Any translation is better than no translation --but the ESV! There are better versions out there without reverting to a PEV (Poor English Version). You should consider the NIV for them (Nicely Intelligible Version).

    Hmm... unwarranted bias creeping through once more. My position is that the NASB has some rough spots --but all in all it reads better than the ESV a little more often than not.
     
  11. Dr. Bob

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    Rip - no one asked you to criticize my choice. I didn't criticize yours. The op asked for OPINION on recommendations.

    You have the right to be disagreeable, but because you SAY the NIV would be too much for him does not make that a fact. Or that you don't like the ESV (again, your choice). Or you think Formal Equivalence is not that big a deal (again, your position and you have the right to it).

    How 'bout we HELP with our ideas to help this new believer. :tonofbricks:
     
  12. franklinmonroe

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    The CEV was made for this type of situation. I found the CEV to be preferable to NCV, TEV/Good News, or others. The NLT may also work here.
     
  13. JamesL

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    Considering that my preference is the NASB, I tend to want to use that as my frame of reference. I had posted a thread about the International Children's Bible for instances such as this - an easy-to-read alternative to the NIV or ESV

    After comparing quite a few children's translations to the NASB, I thought the ICB had done the best job at conveying the same wording as what I use, just in simpler language. I really like it, especially at places where many translations are guilty of doctrinal leading

    It was said in that other thread that Nelson changed the name from ICB to Holy Bible: Reader Friendly Edition
     
  14. go2church

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    NIrV or the CEB. I'd even consider the NLT, but most ESL classes that I've seen churches host use the NIrV.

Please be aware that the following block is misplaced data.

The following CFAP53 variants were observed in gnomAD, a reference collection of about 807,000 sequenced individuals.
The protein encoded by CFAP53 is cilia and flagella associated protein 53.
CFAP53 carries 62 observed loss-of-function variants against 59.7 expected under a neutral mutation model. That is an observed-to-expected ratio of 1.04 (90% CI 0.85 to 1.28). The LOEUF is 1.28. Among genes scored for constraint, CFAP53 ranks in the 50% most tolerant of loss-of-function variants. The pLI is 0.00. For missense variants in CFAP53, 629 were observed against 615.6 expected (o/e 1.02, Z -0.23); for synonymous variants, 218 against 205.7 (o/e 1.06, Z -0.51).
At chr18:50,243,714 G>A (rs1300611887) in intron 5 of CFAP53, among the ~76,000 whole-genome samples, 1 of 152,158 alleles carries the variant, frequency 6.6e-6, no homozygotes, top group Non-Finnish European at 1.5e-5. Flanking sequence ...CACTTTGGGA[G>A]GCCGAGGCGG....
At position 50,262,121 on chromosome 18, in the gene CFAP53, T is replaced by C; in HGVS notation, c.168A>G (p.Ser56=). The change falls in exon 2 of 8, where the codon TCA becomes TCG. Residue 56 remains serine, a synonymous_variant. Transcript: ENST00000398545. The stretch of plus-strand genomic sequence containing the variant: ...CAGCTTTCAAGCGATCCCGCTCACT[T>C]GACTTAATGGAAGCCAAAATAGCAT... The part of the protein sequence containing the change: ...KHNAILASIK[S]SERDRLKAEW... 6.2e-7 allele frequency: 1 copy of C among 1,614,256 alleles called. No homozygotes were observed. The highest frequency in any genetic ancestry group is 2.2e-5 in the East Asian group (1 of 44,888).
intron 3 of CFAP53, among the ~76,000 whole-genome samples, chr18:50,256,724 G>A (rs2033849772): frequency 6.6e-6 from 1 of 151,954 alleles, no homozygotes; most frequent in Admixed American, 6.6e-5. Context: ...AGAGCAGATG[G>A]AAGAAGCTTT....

15. Rippon

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    This is a debate forum. You have criticized my opinions on Bible translations on a number of occasions. There has to be interaction with other posters in a given thread. All posters do not walk in lock-step.
    To disagree does not = disagreeable. Agreed?
    Well, consider this. I have had much more experience teaching ESL than any of you individually or perhaps collectively.
    The poster is not a new believer --but he has made a request regarding a 14 year old who struggles with elementary English. The NIV would not be appropriate. The ESV would be even more of a mistake.
     
  16. Yeshua1

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    Why not the Nlt for him to read and use then? reads easier then the Niv even, and is accurate enough to have him get the message of the Bible, correct?

    I am referring to the second/revised edition of it ...
     
  17. Rippon

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    The NLTse is at a middle school reading level. The NIrV is aimed at just under the third grade level. For the boy in question in the OP the NIrV would be much more suitable than the NLTse.
     
  18. Yeshua1

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    Except that the Nlt would still be a real bible version for him to study and use though!
     
  19. Yeshua1

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    You have just accept that some here like the Kjvo, which is their choice, while others here seem to be highly niv !
    And one wishes that both the Niv/esv were nothing done as bobles versions, it seems!
     
  20. Rippon

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    There are some on the BB who claim that the NLT is not a real Bible. The NIrV is a real Bible. It's the Word of God. Don't be careless with your words. And please remember the rules on this forum.